Without repeating the previous part of this discussion, I think it is important that the aforementioned group of Africans realised a simple fact; that under any guise, rejecting what civilisation has rewarded them, in the form of culture and cultural relics are irreparable lost and a shameful thing to do.

Just to throw a little more light on the above extract from the New World Encyclopaedia. It should be noted that before Viktor ever came to Ile-Ife, that the created school of thought about Africa and Africans had already been widespread among many Europeans. Putting that into consideration when he saw the sculptures of bronze and terra cotta, only two main arguments could have been triggered in his mind.

One could have been that the sculptures had nothing valuable in them and so could be regarded as the works of Africans in their savagery display. The other, a rather easier one, based on the sophistication of the works of art was to claim that the works were done by other people, other than the Africans. And if anything has to be added here, either of the above views was fully in line with the already cooked up ideas. That Africans generally have a limited ability to creativity; that they cannot express themselves in such an aesthetic manner, as to have a profound interpretation of their own culture, if indeed they should be considered to have any. These were the arguments, so it cannot be more unfortunate if Africans do not hold these cultural icons dearly and use them to tell the world that their history did not start with slavery.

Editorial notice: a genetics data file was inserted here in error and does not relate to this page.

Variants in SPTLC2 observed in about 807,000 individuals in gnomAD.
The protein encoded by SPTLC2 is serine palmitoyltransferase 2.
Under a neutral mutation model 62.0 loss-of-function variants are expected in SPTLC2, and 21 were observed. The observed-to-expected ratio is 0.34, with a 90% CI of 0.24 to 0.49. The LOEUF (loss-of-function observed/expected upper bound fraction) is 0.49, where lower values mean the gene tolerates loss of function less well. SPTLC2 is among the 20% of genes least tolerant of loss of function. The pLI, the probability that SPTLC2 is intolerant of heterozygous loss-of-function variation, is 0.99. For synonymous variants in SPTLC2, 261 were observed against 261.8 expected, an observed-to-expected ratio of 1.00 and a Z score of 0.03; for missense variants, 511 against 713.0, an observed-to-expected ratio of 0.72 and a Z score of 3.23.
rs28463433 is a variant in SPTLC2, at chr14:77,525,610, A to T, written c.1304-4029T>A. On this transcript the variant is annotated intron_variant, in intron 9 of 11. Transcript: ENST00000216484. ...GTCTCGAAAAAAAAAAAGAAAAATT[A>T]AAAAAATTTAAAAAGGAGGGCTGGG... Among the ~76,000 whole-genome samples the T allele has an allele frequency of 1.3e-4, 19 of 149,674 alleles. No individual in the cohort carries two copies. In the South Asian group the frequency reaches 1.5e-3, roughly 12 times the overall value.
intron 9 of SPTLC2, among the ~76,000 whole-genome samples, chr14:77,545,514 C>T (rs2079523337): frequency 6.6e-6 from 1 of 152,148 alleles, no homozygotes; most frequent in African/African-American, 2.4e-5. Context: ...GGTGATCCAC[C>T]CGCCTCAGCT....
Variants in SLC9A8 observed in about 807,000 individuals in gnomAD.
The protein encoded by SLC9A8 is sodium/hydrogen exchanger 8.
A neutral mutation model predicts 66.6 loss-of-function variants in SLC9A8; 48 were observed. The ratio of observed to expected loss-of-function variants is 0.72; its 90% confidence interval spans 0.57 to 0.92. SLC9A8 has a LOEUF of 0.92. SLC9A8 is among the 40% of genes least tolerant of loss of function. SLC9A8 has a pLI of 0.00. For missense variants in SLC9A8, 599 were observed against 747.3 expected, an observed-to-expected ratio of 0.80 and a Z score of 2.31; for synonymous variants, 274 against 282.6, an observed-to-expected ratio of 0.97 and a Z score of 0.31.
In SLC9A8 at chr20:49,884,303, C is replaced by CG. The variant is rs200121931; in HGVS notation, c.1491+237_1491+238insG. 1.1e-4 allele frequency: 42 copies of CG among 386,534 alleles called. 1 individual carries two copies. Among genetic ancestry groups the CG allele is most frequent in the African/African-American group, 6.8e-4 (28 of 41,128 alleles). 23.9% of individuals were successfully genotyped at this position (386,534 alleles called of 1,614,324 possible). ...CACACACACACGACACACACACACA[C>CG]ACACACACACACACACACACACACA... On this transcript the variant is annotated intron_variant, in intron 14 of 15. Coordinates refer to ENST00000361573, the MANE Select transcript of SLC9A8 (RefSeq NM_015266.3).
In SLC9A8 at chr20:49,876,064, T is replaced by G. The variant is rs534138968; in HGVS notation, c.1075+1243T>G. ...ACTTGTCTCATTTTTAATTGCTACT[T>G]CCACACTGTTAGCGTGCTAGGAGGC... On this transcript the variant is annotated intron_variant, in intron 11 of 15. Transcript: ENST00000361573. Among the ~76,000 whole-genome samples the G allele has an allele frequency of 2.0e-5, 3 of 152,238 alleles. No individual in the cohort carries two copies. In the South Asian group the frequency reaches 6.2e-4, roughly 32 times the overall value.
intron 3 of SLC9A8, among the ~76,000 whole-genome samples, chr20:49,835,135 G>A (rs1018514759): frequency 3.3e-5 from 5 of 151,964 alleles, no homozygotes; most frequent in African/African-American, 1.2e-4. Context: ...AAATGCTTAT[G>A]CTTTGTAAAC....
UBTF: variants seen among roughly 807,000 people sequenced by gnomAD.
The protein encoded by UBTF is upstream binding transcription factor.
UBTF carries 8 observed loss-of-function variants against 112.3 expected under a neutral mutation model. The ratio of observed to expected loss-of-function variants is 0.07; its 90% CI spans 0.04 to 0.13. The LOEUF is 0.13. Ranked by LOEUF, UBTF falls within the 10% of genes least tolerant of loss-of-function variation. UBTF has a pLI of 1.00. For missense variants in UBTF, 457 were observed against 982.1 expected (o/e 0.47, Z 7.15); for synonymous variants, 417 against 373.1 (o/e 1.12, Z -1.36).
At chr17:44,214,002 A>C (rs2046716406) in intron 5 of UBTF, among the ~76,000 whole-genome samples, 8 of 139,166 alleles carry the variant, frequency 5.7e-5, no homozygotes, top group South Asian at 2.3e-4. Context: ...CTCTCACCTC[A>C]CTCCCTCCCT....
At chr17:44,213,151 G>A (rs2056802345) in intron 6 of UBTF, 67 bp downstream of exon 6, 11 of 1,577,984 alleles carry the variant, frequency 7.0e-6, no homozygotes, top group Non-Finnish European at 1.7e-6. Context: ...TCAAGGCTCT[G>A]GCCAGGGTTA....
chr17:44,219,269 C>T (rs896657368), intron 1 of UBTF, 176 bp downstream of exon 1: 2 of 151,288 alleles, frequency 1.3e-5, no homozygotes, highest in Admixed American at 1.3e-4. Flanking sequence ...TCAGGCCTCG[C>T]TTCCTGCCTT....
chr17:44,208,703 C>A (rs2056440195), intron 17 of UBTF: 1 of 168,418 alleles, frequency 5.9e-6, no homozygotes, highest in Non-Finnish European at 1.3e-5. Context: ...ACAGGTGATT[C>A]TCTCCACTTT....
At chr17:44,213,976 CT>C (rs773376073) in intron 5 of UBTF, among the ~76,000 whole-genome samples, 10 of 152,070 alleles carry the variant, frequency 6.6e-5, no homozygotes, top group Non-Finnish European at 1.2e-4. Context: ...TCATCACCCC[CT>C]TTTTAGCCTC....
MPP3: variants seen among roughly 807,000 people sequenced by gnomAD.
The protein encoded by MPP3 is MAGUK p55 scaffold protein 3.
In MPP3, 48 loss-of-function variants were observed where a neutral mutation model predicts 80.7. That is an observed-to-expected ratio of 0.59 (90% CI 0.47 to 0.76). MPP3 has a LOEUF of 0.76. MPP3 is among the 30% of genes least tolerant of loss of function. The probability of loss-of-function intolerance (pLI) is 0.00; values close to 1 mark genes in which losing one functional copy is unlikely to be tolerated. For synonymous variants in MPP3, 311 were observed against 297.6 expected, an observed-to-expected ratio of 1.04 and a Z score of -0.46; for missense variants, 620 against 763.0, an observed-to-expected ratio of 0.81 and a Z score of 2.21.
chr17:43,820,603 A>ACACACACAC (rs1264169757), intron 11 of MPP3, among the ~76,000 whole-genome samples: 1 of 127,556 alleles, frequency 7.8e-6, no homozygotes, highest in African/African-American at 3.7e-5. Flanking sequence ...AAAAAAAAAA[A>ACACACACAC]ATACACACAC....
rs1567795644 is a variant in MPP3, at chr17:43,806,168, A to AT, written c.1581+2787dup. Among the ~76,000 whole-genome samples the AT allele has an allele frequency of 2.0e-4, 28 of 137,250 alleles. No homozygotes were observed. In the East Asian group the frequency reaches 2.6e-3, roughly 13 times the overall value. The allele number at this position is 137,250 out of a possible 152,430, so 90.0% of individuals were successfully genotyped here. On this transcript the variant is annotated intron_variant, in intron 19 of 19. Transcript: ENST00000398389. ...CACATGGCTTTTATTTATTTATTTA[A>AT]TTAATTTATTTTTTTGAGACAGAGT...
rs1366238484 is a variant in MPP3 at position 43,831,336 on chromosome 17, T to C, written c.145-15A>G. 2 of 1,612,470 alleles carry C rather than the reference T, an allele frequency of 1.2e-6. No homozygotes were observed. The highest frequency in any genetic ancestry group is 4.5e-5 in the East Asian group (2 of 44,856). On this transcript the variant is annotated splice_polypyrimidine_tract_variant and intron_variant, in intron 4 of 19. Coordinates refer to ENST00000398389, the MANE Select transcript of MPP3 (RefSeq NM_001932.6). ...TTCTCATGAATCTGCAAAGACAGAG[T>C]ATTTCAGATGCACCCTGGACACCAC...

Below are two terra cotta sculptures, one from Ile-Ife and the other from the Nok culture, Central Nigeria. The accompanying extract is about the Nok culture, and it’s equally about the connection between these works of art and the people who made them.

“Comparatively little is known of the Nok culture, which is defined largely on the basis of its superb terracotta artworks. Flourishing between 900 BC and 200 AD, the Nok style is a tradition, a style of manufacture that was adopted by different Iron-Age agriculturally-based communities that in fact had widely varying cultures in all other respects. What does unite the trends, however, is a series of outstanding ceramic sculptures, which constitute the most sophisticated and formalised early African artistic tradition outside Egypt.

It should be noted that the sophistication of these terracottas makes some scholars believe that they sprang from a hitherto undiscovered ceramic tradition. Technically, they are very unusual because of the manner in which coiled and subtractive sculpting methods were used to capture likenesses. Aesthetically, they are both naturalistic and expressionist, with highly distinctive elongated forms, triangular eyes, pierced pupils/nostrils and elaborate hairstyles…,” page 155 to 160, “Indoctrination Of The Local People”. From the research, UNDERDEVELOPMENT IN AFRICA: My Hands Are Clean, as was published on the 10th of November, 2010. Images and footnotes are omitted; see the book for more on the argument.

Leave a Reply

Your email address will not be published. Required fields are marked *